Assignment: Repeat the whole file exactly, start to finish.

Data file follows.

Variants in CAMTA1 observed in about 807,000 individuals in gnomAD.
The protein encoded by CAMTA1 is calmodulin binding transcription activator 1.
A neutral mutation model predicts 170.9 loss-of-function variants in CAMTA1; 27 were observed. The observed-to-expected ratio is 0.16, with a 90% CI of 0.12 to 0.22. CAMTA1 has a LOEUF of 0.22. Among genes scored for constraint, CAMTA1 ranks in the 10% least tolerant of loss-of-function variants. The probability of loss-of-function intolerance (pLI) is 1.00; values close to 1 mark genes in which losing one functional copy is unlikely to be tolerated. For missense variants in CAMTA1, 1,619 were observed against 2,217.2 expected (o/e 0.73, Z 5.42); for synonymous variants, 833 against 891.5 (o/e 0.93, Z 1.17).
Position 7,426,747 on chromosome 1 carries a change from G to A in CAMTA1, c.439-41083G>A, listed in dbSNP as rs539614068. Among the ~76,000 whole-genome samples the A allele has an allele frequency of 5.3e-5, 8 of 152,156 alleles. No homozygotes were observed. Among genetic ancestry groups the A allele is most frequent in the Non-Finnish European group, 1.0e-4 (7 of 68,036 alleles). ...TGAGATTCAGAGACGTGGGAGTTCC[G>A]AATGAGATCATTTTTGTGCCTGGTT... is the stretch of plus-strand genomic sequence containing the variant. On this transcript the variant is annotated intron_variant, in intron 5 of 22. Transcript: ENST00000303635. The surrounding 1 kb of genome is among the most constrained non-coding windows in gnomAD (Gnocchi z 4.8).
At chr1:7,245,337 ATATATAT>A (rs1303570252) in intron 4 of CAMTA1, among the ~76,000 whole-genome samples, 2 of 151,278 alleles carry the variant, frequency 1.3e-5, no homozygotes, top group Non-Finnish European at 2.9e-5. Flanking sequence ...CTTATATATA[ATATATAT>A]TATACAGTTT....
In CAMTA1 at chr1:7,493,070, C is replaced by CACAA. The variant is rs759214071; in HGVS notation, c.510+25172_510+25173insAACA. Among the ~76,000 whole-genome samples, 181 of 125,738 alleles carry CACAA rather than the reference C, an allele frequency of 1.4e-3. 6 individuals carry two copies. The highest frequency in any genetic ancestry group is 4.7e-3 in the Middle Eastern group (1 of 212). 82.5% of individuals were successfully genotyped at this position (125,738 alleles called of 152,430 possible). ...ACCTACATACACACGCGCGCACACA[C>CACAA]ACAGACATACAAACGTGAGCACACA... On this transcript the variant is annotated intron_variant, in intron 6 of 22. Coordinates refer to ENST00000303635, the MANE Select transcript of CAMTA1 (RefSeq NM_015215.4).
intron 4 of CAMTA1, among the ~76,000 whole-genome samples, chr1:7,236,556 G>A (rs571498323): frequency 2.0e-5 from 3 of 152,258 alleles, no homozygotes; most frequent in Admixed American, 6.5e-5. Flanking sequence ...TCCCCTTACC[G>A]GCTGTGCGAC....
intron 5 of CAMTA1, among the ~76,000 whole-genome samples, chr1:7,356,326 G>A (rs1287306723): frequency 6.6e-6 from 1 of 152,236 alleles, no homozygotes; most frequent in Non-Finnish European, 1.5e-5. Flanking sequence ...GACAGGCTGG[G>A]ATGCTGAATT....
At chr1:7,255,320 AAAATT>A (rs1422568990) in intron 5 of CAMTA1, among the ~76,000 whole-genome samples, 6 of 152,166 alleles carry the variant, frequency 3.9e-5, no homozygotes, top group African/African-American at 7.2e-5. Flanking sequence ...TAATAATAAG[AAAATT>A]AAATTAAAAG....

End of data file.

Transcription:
Variants in CAMTA1 observed in about 807,000 individuals in gnomAD.
The protein encoded by CAMTA1 is calmodulin binding transcription activator 1.
A neutral mutation model predicts 170.9 loss-of-function variants in CAMTA1; 27 were observed. The observed-to-expected ratio is 0.16, with a 90% CI of 0.12 to 0.22. CAMTA1 has a LOEUF of 0.22. Among genes scored for constraint, CAMTA1 ranks in the 10% least tolerant of loss-of-function variants. The probability of loss-of-function intolerance (pLI) is 1.00; values close to 1 mark genes in which losing one functional copy is unlikely to be tolerated. For missense variants in CAMTA1, 1,619 were observed against 2,217.2 expected (o/e 0.73, Z 5.42); for synonymous variants, 833 against 891.5 (o/e 0.93, Z 1.17).
Position 7,426,747 on chromosome 1 carries a change from G to A in CAMTA1, c.439-41083G>A, listed in dbSNP as rs539614068. Among the ~76,000 whole-genome samples the A allele has an allele frequency of 5.3e-5, 8 of 152,156 alleles. No homozygotes were observed. Among genetic ancestry groups the A allele is most frequent in the Non-Finnish European group, 1.0e-4 (7 of 68,036 alleles). ...TGAGATTCAGAGACGTGGGAGTTCC[G>A]AATGAGATCATTTTTGTGCCTGGTT... is the stretch of plus-strand genomic sequence containing the variant. On this transcript the variant is annotated intron_variant, in intron 5 of 22. Transcript: ENST00000303635. The surrounding 1 kb of genome is among the most constrained non-coding windows in gnomAD (Gnocchi z 4.8).
At chr1:7,245,337 ATATATAT>A (rs1303570252) in intron 4 of CAMTA1, among the ~76,000 whole-genome samples, 2 of 151,278 alleles carry the variant, frequency 1.3e-5, no homozygotes, top group Non-Finnish European at 2.9e-5. Flanking sequence ...CTTATATATA[ATATATAT>A]TATACAGTTT....
In CAMTA1 at chr1:7,493,070, C is replaced by CACAA. The variant is rs759214071; in HGVS notation, c.510+25172_510+25173insAACA. Among the ~76,000 whole-genome samples, 181 of 125,738 alleles carry CACAA rather than the reference C, an allele frequency of 1.4e-3. 6 individuals carry two copies. The highest frequency in any genetic ancestry group is 4.7e-3 in the Middle Eastern group (1 of 212). 82.5% of individuals were successfully genotyped at this position (125,738 alleles called of 152,430 possible). ...ACCTACATACACACGCGCGCACACA[C>CACAA]ACAGACATACAAACGTGAGCACACA... On this transcript the variant is annotated intron_variant, in intron 6 of 22. Coordinates refer to ENST00000303635, the MANE Select transcript of CAMTA1 (RefSeq NM_015215.4).
intron 4 of CAMTA1, among the ~76,000 whole-genome samples, chr1:7,236,556 G>A (rs571498323): frequency 2.0e-5 from 3 of 152,258 alleles, no homozygotes; most frequent in Admixed American, 6.5e-5. Flanking sequence ...TCCCCTTACC[G>A]GCTGTGCGAC....
intron 5 of CAMTA1, among the ~76,000 whole-genome samples, chr1:7,356,326 G>A (rs1287306723): frequency 6.6e-6 from 1 of 152,236 alleles, no homozygotes; most frequent in Non-Finnish European, 1.5e-5. Flanking sequence ...GACAGGCTGG[G>A]ATGCTGAATT....
At chr1:7,255,320 AAAATT>A (rs1422568990) in intron 5 of CAMTA1, among the ~76,000 whole-genome samples, 6 of 152,166 alleles carry the variant, frequency 3.9e-5, no homozygotes, top group African/African-American at 7.2e-5. Flanking sequence ...TAATAATAAG[AAAATT>A]AAATTAAAAG....